The recent establishment of the round goby (Neogobius melanostomus), an invasive fish in Lake Michigan, provides a model system to view fine scale evolutionary and ecological processes that can create genetic structure within a population. We used seven nuclear polymorphic microsatellite markers (N = 11-17 per site) and measurements of fish total length, weight, and sex (N = 20-74 per site) on round gobies captured by minnow traps and angling among 12 sites around the entire shore of Lake Michigan to determine if evolutionary processes are present in Lake Michigan by characterizing population structure of the round goby. Specific objectives were to determine whether: 1) there are significant patterns of genetic population structure among sites along the shore of Lake Michigan (e.g., a correlation between genetic diversity and geographic distance), 2) ferry shipping routes create strong deviations from normal population structure observed to occur around the lakeshore, and 3) density, fish size, and condition at the 12 sites differ from each other. Results include: significant pairwise FST values, a pattern of isolation by distance (IBD) along the eastern and western shores of Lake Michigan, no IBD along the entire lakeshore, northern, or southern shores, different catch per unit effort (CPUE) and mean weight between sites. A length/weight relationship between fish at all 12 sites was not different. Results indicate that round goby pierhead sites exhibit population structure in Lake Michigan.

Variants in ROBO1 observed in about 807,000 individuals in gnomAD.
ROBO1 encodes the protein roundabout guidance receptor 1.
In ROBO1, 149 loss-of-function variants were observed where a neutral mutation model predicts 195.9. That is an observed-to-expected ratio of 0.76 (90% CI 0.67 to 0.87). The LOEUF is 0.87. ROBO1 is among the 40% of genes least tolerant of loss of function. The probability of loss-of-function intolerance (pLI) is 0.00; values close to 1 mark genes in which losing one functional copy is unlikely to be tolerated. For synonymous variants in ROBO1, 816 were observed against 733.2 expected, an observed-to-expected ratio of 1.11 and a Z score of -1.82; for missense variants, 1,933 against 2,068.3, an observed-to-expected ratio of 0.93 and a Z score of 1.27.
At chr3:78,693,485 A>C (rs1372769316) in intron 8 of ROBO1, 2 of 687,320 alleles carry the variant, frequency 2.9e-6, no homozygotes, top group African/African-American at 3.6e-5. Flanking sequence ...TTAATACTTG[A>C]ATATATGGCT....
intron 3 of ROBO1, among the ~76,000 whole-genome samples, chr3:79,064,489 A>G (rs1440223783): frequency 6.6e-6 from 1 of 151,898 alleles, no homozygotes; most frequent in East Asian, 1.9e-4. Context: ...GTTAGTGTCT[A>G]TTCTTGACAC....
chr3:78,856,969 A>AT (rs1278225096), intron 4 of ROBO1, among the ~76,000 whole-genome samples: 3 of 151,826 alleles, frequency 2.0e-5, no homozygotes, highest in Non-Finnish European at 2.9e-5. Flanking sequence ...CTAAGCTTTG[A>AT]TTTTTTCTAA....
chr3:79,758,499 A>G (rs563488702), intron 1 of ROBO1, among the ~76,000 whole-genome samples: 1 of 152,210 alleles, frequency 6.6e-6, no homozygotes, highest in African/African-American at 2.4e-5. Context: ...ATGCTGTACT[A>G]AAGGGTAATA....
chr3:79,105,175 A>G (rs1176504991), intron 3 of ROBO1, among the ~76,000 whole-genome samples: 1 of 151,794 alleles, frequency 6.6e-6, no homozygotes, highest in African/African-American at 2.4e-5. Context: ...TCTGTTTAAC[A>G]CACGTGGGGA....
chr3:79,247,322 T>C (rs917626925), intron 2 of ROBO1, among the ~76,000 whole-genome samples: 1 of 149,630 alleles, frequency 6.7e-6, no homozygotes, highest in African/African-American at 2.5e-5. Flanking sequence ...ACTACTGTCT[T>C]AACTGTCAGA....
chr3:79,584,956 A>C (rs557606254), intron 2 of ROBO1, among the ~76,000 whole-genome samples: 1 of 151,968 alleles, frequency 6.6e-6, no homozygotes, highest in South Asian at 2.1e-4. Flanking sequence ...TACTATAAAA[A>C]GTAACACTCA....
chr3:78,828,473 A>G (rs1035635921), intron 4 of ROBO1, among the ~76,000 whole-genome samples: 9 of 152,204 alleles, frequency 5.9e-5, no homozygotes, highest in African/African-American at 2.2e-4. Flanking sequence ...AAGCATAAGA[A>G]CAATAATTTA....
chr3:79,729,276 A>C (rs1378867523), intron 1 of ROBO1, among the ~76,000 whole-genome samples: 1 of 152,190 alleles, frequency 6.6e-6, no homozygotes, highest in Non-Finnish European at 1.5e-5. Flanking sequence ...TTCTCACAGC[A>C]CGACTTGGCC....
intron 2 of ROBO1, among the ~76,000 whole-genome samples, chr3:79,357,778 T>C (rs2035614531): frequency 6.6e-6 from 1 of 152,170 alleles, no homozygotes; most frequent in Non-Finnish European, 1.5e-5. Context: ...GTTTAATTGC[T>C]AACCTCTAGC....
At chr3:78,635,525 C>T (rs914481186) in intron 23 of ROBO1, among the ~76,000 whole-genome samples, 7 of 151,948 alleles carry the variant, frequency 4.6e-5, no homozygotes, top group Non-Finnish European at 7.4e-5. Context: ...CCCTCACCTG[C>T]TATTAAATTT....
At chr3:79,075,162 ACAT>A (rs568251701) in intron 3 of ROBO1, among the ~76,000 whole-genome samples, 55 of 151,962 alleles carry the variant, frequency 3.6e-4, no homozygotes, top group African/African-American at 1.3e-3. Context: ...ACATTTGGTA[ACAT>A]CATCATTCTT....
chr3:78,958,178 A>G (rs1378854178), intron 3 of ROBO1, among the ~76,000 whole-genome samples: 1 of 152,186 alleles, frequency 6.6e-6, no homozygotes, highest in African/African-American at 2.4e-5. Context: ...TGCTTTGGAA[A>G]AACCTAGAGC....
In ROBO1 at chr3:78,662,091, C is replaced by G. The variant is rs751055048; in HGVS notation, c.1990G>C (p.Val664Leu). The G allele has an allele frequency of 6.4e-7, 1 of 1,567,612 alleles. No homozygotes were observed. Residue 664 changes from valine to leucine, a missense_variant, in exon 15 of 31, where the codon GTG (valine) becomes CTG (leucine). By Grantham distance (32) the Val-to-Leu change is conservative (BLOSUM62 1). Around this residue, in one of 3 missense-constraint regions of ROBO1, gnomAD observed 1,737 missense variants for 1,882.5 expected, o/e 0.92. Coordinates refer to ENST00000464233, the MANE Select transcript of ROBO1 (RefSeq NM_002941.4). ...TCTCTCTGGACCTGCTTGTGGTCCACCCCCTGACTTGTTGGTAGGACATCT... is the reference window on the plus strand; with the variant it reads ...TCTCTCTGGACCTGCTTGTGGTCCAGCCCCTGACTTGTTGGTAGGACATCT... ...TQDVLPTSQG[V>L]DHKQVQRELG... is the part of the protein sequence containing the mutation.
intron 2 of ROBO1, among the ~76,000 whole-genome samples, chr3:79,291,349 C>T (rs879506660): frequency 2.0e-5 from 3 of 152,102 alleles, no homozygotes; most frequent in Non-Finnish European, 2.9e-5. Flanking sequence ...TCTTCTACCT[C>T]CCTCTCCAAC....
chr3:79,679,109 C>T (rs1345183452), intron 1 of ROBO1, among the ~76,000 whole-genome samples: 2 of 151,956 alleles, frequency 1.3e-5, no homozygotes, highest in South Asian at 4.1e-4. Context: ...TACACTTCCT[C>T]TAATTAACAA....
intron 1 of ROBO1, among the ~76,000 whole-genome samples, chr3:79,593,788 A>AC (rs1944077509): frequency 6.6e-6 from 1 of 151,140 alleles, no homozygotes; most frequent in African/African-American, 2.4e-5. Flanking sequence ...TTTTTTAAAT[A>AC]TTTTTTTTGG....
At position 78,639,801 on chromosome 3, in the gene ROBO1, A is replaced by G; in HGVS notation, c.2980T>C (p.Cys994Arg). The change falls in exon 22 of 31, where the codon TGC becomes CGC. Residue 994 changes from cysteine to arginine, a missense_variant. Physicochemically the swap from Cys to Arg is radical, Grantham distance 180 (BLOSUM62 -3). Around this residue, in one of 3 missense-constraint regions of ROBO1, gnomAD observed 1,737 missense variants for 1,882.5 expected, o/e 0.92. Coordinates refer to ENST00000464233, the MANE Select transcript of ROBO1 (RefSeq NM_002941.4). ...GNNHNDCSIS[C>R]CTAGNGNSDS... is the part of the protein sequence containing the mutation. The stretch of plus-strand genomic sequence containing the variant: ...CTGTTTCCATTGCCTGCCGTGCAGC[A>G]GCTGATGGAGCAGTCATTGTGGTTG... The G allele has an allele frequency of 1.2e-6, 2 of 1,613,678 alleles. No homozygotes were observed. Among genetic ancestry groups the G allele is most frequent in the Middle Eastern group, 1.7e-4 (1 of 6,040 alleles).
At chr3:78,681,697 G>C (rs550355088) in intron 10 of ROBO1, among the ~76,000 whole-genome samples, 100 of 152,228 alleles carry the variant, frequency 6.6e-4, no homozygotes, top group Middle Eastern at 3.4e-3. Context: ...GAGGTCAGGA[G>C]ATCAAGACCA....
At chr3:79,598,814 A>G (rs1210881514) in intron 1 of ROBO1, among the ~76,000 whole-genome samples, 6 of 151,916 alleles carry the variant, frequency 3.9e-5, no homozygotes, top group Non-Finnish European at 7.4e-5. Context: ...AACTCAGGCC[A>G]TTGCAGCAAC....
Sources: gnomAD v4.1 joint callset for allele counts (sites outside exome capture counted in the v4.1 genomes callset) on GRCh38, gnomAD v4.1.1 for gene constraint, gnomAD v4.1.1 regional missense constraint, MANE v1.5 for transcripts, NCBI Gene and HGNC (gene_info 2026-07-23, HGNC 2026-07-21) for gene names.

round goby, Lake Michigan, invasive species
Aquaculture and Fisheries
LaRue, Elizabeth A.; Ruetz III, Carl; and Thum, Ryan, "Population Structure of the Invasive Round Goby in Lake Michigan" (2009). Student Summer Scholars. Paper 22.